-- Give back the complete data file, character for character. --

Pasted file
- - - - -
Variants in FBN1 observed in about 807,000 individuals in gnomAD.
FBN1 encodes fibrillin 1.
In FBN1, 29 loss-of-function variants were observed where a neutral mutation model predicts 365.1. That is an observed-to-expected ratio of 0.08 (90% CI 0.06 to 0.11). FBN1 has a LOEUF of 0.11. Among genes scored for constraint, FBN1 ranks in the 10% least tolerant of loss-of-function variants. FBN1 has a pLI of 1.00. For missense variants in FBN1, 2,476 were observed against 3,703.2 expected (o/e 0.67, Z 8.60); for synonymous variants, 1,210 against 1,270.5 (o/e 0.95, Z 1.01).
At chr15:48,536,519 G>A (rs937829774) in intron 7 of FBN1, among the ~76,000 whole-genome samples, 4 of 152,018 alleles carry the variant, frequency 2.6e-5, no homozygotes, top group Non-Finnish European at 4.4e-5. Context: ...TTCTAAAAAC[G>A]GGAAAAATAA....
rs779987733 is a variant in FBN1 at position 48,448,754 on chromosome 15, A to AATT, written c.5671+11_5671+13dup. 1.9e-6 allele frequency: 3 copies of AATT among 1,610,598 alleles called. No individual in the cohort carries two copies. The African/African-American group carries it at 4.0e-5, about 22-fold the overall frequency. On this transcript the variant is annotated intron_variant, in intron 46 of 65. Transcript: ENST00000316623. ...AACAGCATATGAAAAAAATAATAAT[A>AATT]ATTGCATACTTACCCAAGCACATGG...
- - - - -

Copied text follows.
Variants in FBN1 observed in about 807,000 individuals in gnomAD.
FBN1 encodes fibrillin 1.
In FBN1, 29 loss-of-function variants were observed where a neutral mutation model predicts 365.1. That is an observed-to-expected ratio of 0.08 (90% CI 0.06 to 0.11). FBN1 has a LOEUF of 0.11. Among genes scored for constraint, FBN1 ranks in the 10% least tolerant of loss-of-function variants. FBN1 has a pLI of 1.00. For missense variants in FBN1, 2,476 were observed against 3,703.2 expected (o/e 0.67, Z 8.60); for synonymous variants, 1,210 against 1,270.5 (o/e 0.95, Z 1.01).
At chr15:48,536,519 G>A (rs937829774) in intron 7 of FBN1, among the ~76,000 whole-genome samples, 4 of 152,018 alleles carry the variant, frequency 2.6e-5, no homozygotes, top group Non-Finnish European at 4.4e-5. Context: ...TTCTAAAAAC[G>A]GGAAAAATAA....
rs779987733 is a variant in FBN1 at position 48,448,754 on chromosome 15, A to AATT, written c.5671+11_5671+13dup. 1.9e-6 allele frequency: 3 copies of AATT among 1,610,598 alleles called. No individual in the cohort carries two copies. The African/African-American group carries it at 4.0e-5, about 22-fold the overall frequency. On this transcript the variant is annotated intron_variant, in intron 46 of 65. Transcript: ENST00000316623. ...AACAGCATATGAAAAAAATAATAAT[A>AATT]ATTGCATACTTACCCAAGCACATGG...